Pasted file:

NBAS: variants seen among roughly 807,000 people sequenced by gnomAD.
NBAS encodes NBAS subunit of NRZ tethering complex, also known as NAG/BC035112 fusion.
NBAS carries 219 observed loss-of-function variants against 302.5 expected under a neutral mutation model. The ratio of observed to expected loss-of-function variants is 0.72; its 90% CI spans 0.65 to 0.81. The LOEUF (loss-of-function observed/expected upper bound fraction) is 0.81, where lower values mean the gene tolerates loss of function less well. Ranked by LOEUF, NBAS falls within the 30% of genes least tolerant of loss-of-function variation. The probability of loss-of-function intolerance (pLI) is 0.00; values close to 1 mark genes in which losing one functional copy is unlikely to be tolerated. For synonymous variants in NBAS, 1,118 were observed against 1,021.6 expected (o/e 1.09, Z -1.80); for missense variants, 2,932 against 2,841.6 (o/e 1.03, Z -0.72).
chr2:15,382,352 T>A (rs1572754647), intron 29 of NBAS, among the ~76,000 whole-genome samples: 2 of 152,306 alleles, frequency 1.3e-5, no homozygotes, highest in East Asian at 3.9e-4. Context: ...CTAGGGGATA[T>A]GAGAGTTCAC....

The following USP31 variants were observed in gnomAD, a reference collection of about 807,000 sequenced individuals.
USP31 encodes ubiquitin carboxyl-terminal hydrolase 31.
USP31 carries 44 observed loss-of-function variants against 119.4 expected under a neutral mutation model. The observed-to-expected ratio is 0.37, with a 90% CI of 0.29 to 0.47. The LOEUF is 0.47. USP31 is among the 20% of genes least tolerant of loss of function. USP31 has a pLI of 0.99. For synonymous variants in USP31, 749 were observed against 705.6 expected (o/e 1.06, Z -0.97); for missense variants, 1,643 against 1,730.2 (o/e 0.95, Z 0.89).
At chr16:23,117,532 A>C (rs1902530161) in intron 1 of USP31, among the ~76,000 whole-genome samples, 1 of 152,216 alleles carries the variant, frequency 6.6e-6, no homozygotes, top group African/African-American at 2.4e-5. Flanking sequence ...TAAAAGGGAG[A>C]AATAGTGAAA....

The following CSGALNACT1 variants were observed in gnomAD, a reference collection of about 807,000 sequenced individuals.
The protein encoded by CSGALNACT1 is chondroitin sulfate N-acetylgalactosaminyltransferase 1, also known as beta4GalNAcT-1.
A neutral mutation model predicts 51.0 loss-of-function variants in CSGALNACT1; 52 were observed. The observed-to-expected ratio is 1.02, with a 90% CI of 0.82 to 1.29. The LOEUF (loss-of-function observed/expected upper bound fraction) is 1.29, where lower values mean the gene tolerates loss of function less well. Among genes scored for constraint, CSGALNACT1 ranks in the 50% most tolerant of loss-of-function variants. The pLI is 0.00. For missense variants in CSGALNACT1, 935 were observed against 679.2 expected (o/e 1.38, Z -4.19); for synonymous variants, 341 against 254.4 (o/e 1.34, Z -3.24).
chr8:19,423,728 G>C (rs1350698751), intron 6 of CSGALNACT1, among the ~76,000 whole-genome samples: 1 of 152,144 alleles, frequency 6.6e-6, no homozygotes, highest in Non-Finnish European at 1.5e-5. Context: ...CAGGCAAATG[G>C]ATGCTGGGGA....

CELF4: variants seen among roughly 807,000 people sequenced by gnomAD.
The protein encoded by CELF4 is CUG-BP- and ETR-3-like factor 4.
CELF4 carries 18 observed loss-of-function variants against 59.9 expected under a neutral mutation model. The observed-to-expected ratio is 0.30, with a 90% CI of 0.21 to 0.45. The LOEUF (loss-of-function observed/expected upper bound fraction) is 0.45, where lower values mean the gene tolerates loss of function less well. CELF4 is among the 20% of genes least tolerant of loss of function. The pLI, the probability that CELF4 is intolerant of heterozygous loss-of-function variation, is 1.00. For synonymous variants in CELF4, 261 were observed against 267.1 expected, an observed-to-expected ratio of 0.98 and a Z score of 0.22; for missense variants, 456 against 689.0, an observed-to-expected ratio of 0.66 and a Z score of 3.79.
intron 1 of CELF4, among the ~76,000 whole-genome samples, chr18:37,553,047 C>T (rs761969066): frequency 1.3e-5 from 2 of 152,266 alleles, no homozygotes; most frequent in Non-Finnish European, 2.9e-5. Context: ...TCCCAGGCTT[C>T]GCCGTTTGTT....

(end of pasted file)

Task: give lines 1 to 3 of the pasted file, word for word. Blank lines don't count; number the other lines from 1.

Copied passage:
NBAS: variants seen among roughly 807,000 people sequenced by gnomAD.
NBAS encodes NBAS subunit of NRZ tethering complex, also known as NAG/BC035112 fusion.
NBAS carries 219 observed loss-of-function variants against 302.5 expected under a neutral mutation model. The ratio of observed to expected loss-of-function variants is 0.72; its 90% CI spans 0.65 to 0.81. The LOEUF (loss-of-function observed/expected upper bound fraction) is 0.81, where lower values mean the gene tolerates loss of function less well. Ranked by LOEUF, NBAS falls within the 30% of genes least tolerant of loss-of-function variation. The probability of loss-of-function intolerance (pLI) is 0.00; values close to 1 mark genes in which losing one functional copy is unlikely to be tolerated. For synonymous variants in NBAS, 1,118 were observed against 1,021.6 expected (o/e 1.09, Z -1.80); for missense variants, 2,932 against 2,841.6 (o/e 1.03, Z -0.72).